Planning tips for multi-generational family travel
Adults traveling with children or grandchildren make up 30 percent of all adult leisure travelers, according to the U.S. Travel Association. And family travelers take an average of 4.5 trips per year, the association reports. Traveling with grandparents is on the rise, too; nearly four out of every 10 leisure travelers are grandparents, according to a report in TravelAge West.
"Interestingly, the economy seems to have had less of an impact on family travel than on other travel segments," says Kimberly Miles of the Myrtle Beach Area Convention and Visitors Bureau. "People see traveling with family as an important way to reconnect and enjoy each other's company. With today's hectic schedules, many families appreciate the opportunity traveling together gives them to spend quality time together and create lasting memories."
Traveling with multiple generations can be a rewarding experience. Keep these tips in mind to help ensure your multi-generational family travel is fun, safe and rewarding for everyone in the group:
When you have to please tastes and preferences that vary as widely as those between grandparents and grandkids, the destination you choose for your family vacation becomes even more important. Choosing a destination that's focused on a single theme (such as an amusement park or beach resort) or that has limited access to a variety of attractions may leave at least some members of the group disappointed.
Look for destinations that specialize in accommodating family travelers with a wide variety of activities, attractions and types of lodging and dining. For example, Myrtle Beach has earned a reputation as a family-friendly destination for its broad range of things to see and do, including miles of pristine beaches, zoos, amusement parks, museums, natural preserves, and outstanding shopping and dining.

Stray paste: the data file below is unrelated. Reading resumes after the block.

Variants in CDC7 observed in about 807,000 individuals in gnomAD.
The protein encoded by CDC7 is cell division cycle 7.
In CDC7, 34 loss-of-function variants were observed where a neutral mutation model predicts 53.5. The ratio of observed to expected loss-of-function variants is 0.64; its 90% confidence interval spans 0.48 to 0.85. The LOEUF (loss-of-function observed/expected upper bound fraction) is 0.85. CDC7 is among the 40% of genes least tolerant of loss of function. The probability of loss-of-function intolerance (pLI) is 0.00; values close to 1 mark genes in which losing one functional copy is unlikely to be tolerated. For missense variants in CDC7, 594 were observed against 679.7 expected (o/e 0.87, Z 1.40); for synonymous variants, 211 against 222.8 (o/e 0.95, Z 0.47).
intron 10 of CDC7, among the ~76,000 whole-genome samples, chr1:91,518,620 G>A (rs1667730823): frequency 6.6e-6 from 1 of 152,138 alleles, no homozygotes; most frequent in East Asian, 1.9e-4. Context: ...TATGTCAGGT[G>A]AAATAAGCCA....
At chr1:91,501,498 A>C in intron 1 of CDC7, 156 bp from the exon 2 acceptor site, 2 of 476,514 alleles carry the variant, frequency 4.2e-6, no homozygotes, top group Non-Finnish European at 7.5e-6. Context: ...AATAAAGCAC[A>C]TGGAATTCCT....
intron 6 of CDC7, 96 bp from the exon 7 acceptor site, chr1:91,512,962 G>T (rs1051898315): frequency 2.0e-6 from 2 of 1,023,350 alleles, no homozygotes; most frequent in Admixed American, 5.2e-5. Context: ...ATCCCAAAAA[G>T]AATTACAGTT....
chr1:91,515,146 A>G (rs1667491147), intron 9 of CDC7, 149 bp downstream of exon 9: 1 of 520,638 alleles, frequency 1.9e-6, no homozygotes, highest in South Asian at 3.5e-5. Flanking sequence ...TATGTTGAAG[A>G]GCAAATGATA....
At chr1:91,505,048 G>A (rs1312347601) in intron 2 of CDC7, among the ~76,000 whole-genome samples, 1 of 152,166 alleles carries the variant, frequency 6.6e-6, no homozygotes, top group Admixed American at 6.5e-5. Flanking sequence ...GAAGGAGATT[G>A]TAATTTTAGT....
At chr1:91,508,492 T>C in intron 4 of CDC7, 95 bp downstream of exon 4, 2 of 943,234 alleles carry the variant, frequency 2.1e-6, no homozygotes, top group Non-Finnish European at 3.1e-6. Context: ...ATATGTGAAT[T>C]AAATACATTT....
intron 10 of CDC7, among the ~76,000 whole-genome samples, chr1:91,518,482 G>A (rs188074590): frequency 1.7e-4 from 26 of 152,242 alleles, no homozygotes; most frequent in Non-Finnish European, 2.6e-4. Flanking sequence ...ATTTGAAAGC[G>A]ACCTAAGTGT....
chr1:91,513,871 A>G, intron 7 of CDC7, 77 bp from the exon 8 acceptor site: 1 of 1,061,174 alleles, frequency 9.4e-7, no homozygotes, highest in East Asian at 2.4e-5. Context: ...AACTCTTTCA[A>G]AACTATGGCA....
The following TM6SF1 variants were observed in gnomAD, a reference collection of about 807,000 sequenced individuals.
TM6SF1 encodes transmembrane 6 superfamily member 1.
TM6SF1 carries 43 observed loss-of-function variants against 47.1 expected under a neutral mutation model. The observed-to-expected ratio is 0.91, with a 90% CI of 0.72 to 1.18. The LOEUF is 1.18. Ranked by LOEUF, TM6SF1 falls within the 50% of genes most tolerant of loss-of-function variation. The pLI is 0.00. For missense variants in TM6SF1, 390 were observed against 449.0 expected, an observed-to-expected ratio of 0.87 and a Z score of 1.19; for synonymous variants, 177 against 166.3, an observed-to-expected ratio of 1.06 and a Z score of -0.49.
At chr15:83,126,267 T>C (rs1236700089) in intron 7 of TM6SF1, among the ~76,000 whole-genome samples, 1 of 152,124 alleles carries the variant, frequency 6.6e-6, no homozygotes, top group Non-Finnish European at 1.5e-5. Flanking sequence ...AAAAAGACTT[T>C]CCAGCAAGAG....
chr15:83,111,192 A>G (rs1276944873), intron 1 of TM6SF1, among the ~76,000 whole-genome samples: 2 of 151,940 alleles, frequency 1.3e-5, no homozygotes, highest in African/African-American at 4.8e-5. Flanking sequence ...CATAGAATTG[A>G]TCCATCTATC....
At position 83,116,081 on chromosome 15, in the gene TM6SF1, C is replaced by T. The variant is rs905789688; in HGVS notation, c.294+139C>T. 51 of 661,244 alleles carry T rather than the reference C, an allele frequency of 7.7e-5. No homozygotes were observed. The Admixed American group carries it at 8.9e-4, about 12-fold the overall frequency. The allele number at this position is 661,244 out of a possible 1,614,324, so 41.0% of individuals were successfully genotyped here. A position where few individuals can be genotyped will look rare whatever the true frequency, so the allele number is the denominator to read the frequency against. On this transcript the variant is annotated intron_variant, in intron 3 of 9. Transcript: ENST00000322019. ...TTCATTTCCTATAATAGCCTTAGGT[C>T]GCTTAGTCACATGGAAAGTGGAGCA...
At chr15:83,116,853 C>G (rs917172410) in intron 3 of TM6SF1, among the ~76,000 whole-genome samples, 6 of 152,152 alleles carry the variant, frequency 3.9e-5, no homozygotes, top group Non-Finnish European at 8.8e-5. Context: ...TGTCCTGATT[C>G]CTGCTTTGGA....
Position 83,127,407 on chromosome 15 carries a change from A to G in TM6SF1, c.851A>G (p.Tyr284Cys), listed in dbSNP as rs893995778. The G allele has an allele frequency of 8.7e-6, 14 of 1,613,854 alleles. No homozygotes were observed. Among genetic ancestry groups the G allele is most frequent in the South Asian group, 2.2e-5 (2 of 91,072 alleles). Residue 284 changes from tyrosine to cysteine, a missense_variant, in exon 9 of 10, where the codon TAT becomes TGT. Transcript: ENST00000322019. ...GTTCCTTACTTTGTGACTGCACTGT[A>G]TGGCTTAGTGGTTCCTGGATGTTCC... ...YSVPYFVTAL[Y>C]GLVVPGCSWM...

Another advantage of Myrtle Beach is its drivability from practically anywhere on the eastern seaboard. Family travelers often prefer destinations that are within driving distance of home. Road trips can help reduce transportation costs, and smart families can make the journey to their vacation spot part of the overall experience.
Consider special needs
In many ways, children and seniors have a lot in common when it comes to travel and special needs. In addition to an entertaining time, both kids and grandparents will need regular meal times and plenty of rest in order to maximize their vacation enjoyment. The adults coordinating the trip will need to keep in mind any special dietary needs of all members in the group.
Before setting out, adults should coordinate medication management to ensure everyone has an adequate supply of any necessary prescriptions. They may also need to provide additional transportation options for any family members with mobility issues. For example, grandparents who normally use a walker may prefer the convenience of a wheelchair or scooter if the family will be visiting an attraction where they will be doing a lot of walking. The family may also need to forego visits to attractions where the terrain would be challenging for very young children or others with mobility issues.
Get everyone involved in planning
Certainly all adults in the party should have a say in where the family will go, and older kids can also get into the act. The choice of destination and what sights you'll see can be a group activity, and grandparents and children can enjoy researching together everything there is to see and do.
Involving everyone in the planning can also make trip preparations go more smoothly. For example, retired grandparents can ease pre-trip stress by helping parents confirm hotel, airline and rental car reservations. Teens and grandparents can team up to research dining options and plan family meals on the road.
"Traveling as a family can be an enriching experience for everyone," Kimberly Miles says. "By choosing the right destination and putting some extra thought into planning and preparations, you can help ensure everyone enjoys the trip."